Initial eligibility for affordable housing mostly depends on household income, which must be within limits set by the NSW and/or Commonwealth Governments. The more people, including children, living in a household, the higher the household income is allowed to be.

Other factors may also be considered when assessing eligibility, including:

  • Australian citizenship or permanent residency
  • whether the household would be able to secure suitable or adequate housing in the private rental market
  • whether the household owns any assets (for example, a property) which they could be reasonably expected to use to solve their housing need.

Eligibility, including income limits, can vary depending on the way a property was funded or developed, and who manages it. Income eligibility limits set by the NSW Government are outlined in the NSW Affordable Housing Guidelines. Income eligibility limits on properties receiving National Rental Affordability Scheme (NRAS) funding are outlined on the DSS website.

Tenants of affordable housing must remain eligible to stay in the affordable housing property and regular eligibility reviews are carried out by property managers.

For more information about renting affordable housing, or to apply, please see renting affordable housing.

How are affordable housing rents set?

Affordable housing rents vary, and are set either as a discount to the market rent or as a percentage of a household’s income.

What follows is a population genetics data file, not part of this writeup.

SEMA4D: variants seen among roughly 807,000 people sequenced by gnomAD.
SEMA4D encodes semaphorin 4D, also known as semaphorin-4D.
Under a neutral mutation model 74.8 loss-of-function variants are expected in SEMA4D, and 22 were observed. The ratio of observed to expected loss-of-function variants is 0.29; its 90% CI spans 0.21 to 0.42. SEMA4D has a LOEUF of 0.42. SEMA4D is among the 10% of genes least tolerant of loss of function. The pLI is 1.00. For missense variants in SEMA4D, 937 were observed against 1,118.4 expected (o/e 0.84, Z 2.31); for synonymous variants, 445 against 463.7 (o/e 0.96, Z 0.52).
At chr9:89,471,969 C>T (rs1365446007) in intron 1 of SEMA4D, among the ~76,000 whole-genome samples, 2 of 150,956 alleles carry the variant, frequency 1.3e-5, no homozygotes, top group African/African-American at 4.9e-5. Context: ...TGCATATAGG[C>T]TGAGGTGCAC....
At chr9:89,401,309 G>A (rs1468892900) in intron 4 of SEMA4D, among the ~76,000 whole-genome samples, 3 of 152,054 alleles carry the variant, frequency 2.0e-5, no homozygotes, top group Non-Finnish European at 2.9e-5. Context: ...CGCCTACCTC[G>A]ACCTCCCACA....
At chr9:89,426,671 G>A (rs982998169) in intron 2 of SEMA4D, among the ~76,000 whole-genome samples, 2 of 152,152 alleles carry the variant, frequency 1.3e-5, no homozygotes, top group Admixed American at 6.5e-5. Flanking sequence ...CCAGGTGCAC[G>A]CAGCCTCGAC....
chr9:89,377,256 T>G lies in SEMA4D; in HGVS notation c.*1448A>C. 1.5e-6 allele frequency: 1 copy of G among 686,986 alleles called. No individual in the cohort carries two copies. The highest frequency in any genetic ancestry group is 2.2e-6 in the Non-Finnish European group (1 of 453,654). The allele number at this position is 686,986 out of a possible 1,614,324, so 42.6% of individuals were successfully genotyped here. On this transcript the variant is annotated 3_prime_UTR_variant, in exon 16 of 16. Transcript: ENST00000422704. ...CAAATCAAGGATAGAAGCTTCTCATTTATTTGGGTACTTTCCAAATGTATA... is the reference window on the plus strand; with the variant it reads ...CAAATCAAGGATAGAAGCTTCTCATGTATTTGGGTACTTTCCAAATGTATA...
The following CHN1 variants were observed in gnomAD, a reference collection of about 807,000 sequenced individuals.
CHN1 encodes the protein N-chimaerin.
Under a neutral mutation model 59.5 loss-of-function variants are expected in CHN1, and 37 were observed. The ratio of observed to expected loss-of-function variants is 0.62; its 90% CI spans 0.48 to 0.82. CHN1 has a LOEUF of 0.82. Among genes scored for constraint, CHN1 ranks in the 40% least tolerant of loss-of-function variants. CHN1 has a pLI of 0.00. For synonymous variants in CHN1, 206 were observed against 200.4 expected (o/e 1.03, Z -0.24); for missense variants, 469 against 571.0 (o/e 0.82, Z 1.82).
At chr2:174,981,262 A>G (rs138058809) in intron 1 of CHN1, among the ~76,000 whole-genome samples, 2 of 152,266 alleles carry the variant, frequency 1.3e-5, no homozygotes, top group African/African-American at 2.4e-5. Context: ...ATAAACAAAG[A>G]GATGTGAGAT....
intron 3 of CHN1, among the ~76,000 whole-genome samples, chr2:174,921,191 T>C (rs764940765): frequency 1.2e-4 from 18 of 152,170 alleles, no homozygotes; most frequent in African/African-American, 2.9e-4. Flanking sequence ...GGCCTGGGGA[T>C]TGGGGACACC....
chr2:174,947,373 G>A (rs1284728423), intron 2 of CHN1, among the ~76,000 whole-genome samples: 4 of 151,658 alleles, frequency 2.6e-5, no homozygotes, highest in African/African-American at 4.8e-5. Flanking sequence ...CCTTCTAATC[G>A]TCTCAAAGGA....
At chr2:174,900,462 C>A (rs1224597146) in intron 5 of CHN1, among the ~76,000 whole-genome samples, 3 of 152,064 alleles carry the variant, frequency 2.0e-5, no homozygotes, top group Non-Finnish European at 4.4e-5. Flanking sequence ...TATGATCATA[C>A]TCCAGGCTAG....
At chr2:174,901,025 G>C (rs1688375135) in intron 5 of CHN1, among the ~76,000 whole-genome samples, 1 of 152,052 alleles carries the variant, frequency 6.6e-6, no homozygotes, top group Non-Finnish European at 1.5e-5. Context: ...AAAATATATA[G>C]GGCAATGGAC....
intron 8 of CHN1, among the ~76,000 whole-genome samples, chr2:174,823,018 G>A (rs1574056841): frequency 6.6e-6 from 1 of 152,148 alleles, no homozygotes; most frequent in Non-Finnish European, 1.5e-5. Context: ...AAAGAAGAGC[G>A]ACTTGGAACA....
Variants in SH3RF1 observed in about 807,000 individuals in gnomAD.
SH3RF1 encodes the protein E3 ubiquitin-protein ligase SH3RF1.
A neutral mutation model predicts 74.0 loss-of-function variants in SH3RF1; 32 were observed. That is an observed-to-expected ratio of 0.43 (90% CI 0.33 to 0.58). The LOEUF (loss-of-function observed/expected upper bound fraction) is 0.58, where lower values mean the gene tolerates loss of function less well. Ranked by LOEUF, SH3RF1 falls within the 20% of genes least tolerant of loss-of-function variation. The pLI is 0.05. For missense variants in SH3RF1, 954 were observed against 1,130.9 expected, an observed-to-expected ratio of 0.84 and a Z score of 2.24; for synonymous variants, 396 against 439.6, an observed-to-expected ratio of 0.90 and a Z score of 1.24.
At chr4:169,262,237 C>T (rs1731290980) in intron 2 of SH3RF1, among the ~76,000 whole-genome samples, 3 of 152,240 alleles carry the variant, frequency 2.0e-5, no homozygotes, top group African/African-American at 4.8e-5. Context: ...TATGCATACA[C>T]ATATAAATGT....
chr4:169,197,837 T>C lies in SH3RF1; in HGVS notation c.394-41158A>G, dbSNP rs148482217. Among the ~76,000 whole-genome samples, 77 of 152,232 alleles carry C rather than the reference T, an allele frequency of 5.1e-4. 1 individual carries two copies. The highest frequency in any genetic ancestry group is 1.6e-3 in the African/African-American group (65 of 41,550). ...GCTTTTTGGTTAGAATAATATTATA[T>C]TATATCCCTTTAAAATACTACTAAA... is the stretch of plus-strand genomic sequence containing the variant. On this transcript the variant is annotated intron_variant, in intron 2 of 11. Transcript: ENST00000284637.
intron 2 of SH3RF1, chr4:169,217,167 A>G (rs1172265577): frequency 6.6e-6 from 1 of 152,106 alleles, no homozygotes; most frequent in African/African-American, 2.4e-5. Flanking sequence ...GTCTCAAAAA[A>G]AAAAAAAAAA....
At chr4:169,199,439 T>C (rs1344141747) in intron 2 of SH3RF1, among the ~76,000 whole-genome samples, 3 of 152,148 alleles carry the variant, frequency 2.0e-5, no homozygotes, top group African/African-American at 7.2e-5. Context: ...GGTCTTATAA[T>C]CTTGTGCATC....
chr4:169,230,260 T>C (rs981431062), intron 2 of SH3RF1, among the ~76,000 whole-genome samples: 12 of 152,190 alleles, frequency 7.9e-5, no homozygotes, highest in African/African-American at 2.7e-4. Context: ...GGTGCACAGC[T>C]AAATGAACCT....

Where rent is set as a discount of the market rent, the discount is usually between 20 and 25% compared to the market rent for a similar property in the area.

Where rent is set as a proportion of a household’s income, households may be charged between 25 and 30% of their before tax income for rent, although providers may charge slightly more in some circumstances.

The method used to set rent is often determined by how a property was funded originally and the requirements of the funding contract. It is also influenced by the strategies managers use to ensure that affordable housing properties are available to a range of income groups balanced with a need to ensure rents cover the cost of managing the properties.

For more information about renting affordable housing, or to apply, please see renting affordable housing.

Is boarding house and caravan park accommodation affordable housing?

Boarding house and caravan park accommodation is often considered affordable housing because they are generally lower cost and therefore more affordable to rent by very low to moderate income households. However, there are no specific eligibility criteria that apply to these types of accommodation, and rents are set at the discretion of the boarding house or caravan park managers.

Boarding house operators in NSW will need to register with NSW Fair Trading by 30 June 2013 under the Boarding Houses Act 2012.

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Last updated: 24 Sep 2019